Whilst the swansong Wii release will appear to most as a further string to the console’s mini-game bow, it proves to be so much more. Chair swivelling pigs, ricocheting assembly lines and mid-flight badminton matches, Beat the Beat: Rhythm Paradise has it all.
The eagerly awaited follow-up to 2009 Nintendo DS tap-em-up hit Rhythm Paradise has finally arrived on European shores, replacing stylus for Wii Remote as an entirely new audience are invited to put their rhythmic timing to the test.
It is the importance of precision that the game predominantly revolves itself upon, an aspect indicated straight away when three characters greet you to perform a Rhythm Test prior to delving into the full game. You’re tasked with pressing the A button in time with an on-screen signal before the machine reveals how fast or slow you were in relation to the actual beat. It proves particularly revealing.
Throughout the entirety of the game, any form of motion control is ignored, players instead responding to visual and audial prompts by pressing either the A button or the A and B buttons together. However, whereas most rhythm games are lenient in allowing for a certain degree of failure, Beat the Beat: Rhythm Paradise proves to be less than forgiving.
Behind its youthful visage and bold primary colours lies a scoring system that can be particularly harsh for newcomers, worsened by unconstructive feedback that simply consists of a mark ranging between a lamentable Try Again to a glorified Superb which is accompanied by a well-deserved Medal. Even just a few errors in any given level could greatly hamper your chances of scoring well enough to allow you to progress.
Such difficulty is no different to the original, I hasten to point out, but with its whimsical art style and quirky nature, this is a rhythm game that positions itself as having a broad appeal for all the family. Levels vary greatly in terms of challenge, especially as you continue to progress where your view can become obscured and the game increasingly attempts to catch you out, and younger players may soon feel frustrated at a lack of accomplishment. Even if the uber cute cartoon styling may serve to distract them from disappointment.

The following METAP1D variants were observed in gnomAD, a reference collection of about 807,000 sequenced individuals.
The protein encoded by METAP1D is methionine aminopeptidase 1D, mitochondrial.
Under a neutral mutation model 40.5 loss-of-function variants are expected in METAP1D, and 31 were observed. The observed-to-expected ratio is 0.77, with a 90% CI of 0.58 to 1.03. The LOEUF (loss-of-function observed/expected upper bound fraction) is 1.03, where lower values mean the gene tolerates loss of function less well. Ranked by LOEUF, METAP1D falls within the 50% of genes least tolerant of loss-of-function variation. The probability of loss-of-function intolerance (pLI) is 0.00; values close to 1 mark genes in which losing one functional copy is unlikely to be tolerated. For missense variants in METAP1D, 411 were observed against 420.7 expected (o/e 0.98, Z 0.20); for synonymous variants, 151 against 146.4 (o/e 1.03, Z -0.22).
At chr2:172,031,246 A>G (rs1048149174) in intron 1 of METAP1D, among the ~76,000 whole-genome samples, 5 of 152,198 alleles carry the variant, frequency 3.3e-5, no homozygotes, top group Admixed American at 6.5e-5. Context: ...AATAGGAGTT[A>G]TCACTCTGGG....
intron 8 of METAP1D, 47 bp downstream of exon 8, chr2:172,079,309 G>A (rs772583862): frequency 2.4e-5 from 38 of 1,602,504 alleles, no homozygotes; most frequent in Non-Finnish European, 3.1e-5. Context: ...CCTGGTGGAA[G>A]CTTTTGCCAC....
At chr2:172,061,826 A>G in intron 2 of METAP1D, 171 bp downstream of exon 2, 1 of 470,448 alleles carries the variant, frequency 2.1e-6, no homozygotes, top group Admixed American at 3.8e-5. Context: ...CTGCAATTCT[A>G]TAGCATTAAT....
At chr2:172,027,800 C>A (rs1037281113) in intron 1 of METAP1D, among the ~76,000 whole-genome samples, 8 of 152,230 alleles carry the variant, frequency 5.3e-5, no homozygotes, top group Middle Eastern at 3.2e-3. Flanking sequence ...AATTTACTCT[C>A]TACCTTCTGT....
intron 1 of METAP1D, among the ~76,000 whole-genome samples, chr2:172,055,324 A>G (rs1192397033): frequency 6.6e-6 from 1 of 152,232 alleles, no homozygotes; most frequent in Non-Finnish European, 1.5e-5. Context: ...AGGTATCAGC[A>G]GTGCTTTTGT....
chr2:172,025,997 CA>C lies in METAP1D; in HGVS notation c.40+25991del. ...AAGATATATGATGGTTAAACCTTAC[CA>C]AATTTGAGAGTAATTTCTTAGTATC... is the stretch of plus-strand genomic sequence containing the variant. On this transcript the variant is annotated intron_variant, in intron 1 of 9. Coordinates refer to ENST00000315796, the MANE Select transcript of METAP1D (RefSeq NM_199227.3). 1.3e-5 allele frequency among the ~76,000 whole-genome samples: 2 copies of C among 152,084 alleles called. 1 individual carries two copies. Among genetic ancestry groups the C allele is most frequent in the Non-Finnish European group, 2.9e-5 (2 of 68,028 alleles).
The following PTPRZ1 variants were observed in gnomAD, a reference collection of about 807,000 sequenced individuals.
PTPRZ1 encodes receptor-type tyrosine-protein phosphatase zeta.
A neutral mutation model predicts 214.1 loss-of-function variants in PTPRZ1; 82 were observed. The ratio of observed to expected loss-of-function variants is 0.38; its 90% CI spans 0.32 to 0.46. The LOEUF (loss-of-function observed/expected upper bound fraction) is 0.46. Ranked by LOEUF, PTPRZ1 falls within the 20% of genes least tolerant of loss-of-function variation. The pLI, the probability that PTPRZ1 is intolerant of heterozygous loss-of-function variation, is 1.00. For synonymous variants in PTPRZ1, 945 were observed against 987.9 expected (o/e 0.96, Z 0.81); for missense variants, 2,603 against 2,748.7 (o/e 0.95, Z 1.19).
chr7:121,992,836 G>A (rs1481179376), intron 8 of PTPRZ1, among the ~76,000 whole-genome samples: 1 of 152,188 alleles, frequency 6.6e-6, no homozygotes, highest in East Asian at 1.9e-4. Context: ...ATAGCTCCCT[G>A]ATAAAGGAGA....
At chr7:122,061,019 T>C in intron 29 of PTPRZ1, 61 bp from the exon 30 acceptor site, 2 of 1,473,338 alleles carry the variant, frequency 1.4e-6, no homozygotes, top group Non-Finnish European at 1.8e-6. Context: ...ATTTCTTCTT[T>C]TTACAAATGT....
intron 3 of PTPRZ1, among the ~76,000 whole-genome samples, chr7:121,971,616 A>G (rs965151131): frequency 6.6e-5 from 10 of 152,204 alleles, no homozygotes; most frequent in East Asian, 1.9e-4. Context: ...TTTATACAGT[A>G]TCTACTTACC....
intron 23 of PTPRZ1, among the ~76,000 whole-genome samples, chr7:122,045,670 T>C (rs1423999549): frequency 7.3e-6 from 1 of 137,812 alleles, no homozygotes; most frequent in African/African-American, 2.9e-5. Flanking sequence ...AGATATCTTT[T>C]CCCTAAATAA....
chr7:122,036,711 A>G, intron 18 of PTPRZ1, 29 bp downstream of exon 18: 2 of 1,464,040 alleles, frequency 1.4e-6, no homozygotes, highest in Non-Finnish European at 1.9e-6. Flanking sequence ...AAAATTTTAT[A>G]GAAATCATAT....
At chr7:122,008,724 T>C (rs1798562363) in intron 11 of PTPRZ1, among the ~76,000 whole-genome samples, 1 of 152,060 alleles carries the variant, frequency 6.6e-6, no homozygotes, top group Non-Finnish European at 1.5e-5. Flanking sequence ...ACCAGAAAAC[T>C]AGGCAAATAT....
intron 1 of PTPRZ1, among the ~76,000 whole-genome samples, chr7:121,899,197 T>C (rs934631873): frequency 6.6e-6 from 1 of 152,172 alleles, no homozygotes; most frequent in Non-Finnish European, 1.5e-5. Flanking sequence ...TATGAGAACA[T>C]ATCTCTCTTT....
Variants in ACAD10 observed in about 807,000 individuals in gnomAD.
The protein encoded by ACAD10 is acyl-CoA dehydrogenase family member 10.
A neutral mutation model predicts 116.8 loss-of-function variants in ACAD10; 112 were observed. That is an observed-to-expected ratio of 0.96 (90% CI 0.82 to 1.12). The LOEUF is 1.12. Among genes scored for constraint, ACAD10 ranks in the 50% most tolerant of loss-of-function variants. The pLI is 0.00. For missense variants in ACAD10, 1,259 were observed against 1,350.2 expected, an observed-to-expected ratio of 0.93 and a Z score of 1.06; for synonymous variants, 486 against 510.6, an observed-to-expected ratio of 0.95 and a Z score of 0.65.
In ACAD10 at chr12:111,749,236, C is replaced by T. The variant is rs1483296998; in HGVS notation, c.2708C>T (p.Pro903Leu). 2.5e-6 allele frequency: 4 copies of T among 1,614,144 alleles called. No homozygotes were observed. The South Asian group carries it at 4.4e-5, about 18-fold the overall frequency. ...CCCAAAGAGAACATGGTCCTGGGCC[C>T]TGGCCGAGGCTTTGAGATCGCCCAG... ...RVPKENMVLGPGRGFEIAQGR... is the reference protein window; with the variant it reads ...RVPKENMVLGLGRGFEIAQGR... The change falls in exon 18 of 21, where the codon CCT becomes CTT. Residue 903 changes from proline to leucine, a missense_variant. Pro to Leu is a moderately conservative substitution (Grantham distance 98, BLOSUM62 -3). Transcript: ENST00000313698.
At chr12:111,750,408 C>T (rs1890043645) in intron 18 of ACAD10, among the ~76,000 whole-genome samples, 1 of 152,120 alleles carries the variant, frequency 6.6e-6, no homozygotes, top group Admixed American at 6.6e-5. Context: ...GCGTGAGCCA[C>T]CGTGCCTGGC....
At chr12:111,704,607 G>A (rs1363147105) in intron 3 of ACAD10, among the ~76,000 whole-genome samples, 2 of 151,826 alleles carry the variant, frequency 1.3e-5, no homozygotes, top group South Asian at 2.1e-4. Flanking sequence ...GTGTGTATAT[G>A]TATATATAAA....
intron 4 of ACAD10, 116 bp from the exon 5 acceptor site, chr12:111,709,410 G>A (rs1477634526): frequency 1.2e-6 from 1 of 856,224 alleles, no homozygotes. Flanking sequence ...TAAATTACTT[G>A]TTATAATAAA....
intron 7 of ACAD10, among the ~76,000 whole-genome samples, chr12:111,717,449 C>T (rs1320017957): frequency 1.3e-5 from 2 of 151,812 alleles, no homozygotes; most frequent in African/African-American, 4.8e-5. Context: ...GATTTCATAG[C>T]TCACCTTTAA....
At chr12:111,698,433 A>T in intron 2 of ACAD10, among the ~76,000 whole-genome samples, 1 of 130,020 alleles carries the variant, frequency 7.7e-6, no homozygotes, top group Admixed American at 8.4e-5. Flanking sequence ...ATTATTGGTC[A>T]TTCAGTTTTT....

Dual Play mode, allowing two players to simultaneously make their way through each level, perhaps aims to address this, yet it is hard to decry such a level of difficulty when so many complain that everything is getting easier these days.
It is in its charm of execution that Beat the Beat: Rhythm Paradise elevates itself, the scenarios you find yourself in so unexpected that it never fails to raise a smile when you gleefully move on to a new level. High-fiving monkeys that live on the outskirts of a watch, flipping dough along a production line, or grabbing peas with a fork, such ideas are simple yet amount to an experience so wonderfully bizarre that it results in a product that has such a distinctly memorable persona.
Further to the core experience, players can take a break by partaking in a range of additional modes. The Cafe, for instance, allows activities such as players to idly chatting to the Barista for gameplay tips, listening to music, reading, or retaking the rhythm test that must first be completed upon loading the game for the first time.
Whereas earned Medals may be expended on Rhythm Toys, mechanical vehicles that you pull back to a distance of your choosing before then releasing, targeting them to arrive at a designated position. Endless Games are also available, removing any form of the time limit and simply seeing how long you can keep going for.
Nevertheless, Beat the Beat: Rhythm Paradise proves a worthy test of both concentration and rhythmical accuracy for any that take up the challenge, and those that invest time into continual improvement will find the game a far superior experience to others within the genre.